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The Birthplace

By Henry James 

Foreword by Mark Rylance

Hesperus Press, February 2012

ISBN 13: 9781843912071

The Birthplace by Henry James

It is always an exhilarating moment when you finish a piece of prose by Henry James and find that you have followed it right to the end.

Man, what Louis Auchincloss wrote in Reflections of a Jacobite is true, you think.  When he chooses to be, this Henry James guy can be understandable and accessible and even entertaining.  Rather fine, actually, his way of going about things: the rambling prose veering always it seems towards incoherence, though never quite losing the thread completely, has an incisive bite.  He is a labyrinthine teller of tales.

This volume collects together two short works: The Birthplace (1903) and The Private Life (1892), each touching on the theme of the presentation of the self in everyday life.

An early and excoriating take on the heritage industry, the title tale is about a couple, the Gedges, who are employed to take care of a house where a great poet (Mark Rylance alludes to Shakespeare in the foreword) was born and grew up.  Their position requires that they show literary pilgrims around, spouting a potted spiel and parroting ‘false facts’ (or at any rate things they don’t believe).  There’s no way that they – and the male Gedge especially – can honestly speak their mind and keep the job.  Political machinations whirr and buzz.  Ultimately, it’s about power and manipulation.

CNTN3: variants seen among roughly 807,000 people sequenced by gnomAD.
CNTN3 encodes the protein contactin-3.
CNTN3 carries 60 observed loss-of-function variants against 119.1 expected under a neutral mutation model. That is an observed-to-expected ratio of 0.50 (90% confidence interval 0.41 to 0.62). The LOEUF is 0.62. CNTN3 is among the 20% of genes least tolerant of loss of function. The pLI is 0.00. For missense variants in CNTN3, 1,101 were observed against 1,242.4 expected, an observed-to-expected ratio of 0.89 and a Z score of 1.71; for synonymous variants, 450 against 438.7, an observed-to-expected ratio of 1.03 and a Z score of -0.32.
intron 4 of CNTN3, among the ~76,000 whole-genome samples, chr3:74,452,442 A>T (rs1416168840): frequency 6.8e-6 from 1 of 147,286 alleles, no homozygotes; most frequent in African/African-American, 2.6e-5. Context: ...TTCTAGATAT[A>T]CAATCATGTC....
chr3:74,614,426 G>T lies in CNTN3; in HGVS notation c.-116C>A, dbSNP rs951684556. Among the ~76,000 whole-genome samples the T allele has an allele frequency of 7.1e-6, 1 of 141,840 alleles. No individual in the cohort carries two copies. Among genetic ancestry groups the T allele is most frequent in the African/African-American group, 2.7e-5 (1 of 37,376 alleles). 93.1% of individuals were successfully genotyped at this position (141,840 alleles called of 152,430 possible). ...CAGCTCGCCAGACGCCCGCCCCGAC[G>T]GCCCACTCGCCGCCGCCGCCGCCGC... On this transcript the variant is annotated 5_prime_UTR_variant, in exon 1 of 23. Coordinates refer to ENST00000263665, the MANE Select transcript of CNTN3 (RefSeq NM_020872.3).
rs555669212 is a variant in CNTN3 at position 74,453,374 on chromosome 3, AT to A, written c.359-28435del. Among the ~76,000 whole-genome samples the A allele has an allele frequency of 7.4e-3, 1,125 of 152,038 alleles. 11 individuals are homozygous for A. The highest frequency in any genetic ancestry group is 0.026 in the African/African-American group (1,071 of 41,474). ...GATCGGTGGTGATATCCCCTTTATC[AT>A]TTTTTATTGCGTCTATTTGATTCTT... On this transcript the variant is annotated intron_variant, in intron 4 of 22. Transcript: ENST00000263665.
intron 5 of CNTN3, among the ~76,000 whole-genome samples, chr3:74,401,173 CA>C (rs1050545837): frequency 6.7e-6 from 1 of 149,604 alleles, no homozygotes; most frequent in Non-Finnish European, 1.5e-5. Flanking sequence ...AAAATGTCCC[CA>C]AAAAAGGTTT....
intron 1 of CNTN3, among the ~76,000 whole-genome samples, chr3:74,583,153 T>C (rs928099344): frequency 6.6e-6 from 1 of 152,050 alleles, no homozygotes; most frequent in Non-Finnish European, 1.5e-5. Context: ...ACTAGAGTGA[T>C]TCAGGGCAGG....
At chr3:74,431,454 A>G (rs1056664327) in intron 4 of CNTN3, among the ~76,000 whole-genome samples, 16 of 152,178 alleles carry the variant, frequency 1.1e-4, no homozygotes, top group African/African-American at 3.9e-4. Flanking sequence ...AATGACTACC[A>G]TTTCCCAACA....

Let the following sentence act as a coda for The Private Life, which is set at a social gathering in Switzerland:

The world was vulgar and stupid, and the real man would have been a fool to come out for it when he could gossip and dine by deputy.  (117)

Never expose yourself completely to others, that way lies confusion and folly, instead see social life as akin to acting on stage – artifice not authenticity is the order of the day.  Maybe it’s intelligent advice, maybe not.  The doppelganger scene, calling to mind the denouement of  The Jolly Corner, gives the tale a weird, uncanny aspect; but the main register is one of playful intrigue and pleasant dalliance.  Violence and melodramatic gesture are absent but the sense of life present and time passing (a low-key, under-emphasised melancholy) is palpable.  Nothing much happens here yet one is moved at the close.

The publisher’s description of the book can be read here.

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